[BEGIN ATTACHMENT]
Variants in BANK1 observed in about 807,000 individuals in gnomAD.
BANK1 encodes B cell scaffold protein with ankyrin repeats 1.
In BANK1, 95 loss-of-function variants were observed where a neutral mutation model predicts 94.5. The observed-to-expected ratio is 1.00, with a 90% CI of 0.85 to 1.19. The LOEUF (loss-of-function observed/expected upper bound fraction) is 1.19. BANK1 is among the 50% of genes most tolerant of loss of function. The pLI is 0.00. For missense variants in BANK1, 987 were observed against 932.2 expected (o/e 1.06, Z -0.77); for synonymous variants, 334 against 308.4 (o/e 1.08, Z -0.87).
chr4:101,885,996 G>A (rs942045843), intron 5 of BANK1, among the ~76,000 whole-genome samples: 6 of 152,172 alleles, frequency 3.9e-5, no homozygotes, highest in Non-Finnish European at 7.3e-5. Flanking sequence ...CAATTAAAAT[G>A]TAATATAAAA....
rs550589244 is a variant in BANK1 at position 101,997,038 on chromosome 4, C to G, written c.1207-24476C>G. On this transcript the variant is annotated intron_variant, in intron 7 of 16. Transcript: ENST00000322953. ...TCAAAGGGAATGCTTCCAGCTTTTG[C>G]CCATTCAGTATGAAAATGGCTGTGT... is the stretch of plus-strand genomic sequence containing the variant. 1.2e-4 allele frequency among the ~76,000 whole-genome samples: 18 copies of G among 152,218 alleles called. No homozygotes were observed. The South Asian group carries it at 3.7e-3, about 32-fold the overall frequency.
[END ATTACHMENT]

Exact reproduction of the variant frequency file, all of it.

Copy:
Variants in BANK1 observed in about 807,000 individuals in gnomAD.
BANK1 encodes B cell scaffold protein with ankyrin repeats 1.
In BANK1, 95 loss-of-function variants were observed where a neutral mutation model predicts 94.5. The observed-to-expected ratio is 1.00, with a 90% CI of 0.85 to 1.19. The LOEUF (loss-of-function observed/expected upper bound fraction) is 1.19. BANK1 is among the 50% of genes most tolerant of loss of function. The pLI is 0.00. For missense variants in BANK1, 987 were observed against 932.2 expected (o/e 1.06, Z -0.77); for synonymous variants, 334 against 308.4 (o/e 1.08, Z -0.87).
chr4:101,885,996 G>A (rs942045843), intron 5 of BANK1, among the ~76,000 whole-genome samples: 6 of 152,172 alleles, frequency 3.9e-5, no homozygotes, highest in Non-Finnish European at 7.3e-5. Flanking sequence ...CAATTAAAAT[G>A]TAATATAAAA....
rs550589244 is a variant in BANK1 at position 101,997,038 on chromosome 4, C to G, written c.1207-24476C>G. On this transcript the variant is annotated intron_variant, in intron 7 of 16. Transcript: ENST00000322953. ...TCAAAGGGAATGCTTCCAGCTTTTG[C>G]CCATTCAGTATGAAAATGGCTGTGT... is the stretch of plus-strand genomic sequence containing the variant. 1.2e-4 allele frequency among the ~76,000 whole-genome samples: 18 copies of G among 152,218 alleles called. No homozygotes were observed. The South Asian group carries it at 3.7e-3, about 32-fold the overall frequency.